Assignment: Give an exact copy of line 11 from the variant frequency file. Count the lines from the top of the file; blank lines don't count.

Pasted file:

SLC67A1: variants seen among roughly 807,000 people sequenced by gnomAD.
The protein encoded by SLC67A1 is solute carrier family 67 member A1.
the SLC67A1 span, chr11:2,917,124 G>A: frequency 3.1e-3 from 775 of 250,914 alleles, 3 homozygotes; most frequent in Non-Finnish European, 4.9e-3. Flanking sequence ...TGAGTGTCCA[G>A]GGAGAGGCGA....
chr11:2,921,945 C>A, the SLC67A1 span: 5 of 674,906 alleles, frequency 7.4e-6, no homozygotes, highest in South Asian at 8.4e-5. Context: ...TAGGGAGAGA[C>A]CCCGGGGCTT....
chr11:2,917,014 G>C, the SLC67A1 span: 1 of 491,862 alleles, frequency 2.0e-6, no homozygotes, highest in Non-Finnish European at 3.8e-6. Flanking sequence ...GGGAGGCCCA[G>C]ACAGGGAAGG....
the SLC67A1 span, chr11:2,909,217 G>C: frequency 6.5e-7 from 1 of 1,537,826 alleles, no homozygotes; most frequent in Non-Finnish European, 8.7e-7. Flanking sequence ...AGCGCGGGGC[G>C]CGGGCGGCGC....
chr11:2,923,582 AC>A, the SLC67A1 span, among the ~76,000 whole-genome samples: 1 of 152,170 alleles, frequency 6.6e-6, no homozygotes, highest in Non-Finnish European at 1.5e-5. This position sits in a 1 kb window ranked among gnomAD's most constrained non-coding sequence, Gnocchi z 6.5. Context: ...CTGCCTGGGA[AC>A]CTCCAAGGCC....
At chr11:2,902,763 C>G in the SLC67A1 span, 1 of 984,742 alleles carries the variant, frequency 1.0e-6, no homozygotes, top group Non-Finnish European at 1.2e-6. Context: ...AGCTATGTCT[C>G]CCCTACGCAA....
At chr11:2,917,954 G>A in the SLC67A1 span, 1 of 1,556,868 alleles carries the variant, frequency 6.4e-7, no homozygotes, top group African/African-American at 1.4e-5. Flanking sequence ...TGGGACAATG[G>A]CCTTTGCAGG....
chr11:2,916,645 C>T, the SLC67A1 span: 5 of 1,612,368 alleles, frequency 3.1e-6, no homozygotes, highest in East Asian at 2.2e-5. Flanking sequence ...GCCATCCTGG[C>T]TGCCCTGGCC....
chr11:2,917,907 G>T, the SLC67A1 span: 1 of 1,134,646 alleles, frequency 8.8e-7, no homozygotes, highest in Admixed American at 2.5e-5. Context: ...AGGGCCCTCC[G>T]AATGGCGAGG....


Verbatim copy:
chr11:2,917,907 G>T, the SLC67A1 span: 1 of 1,134,646 alleles, frequency 8.8e-7, no homozygotes, highest in Admixed American at 2.5e-5. Context: ...AGGGCCCTCC[G>T]AATGGCGAGG....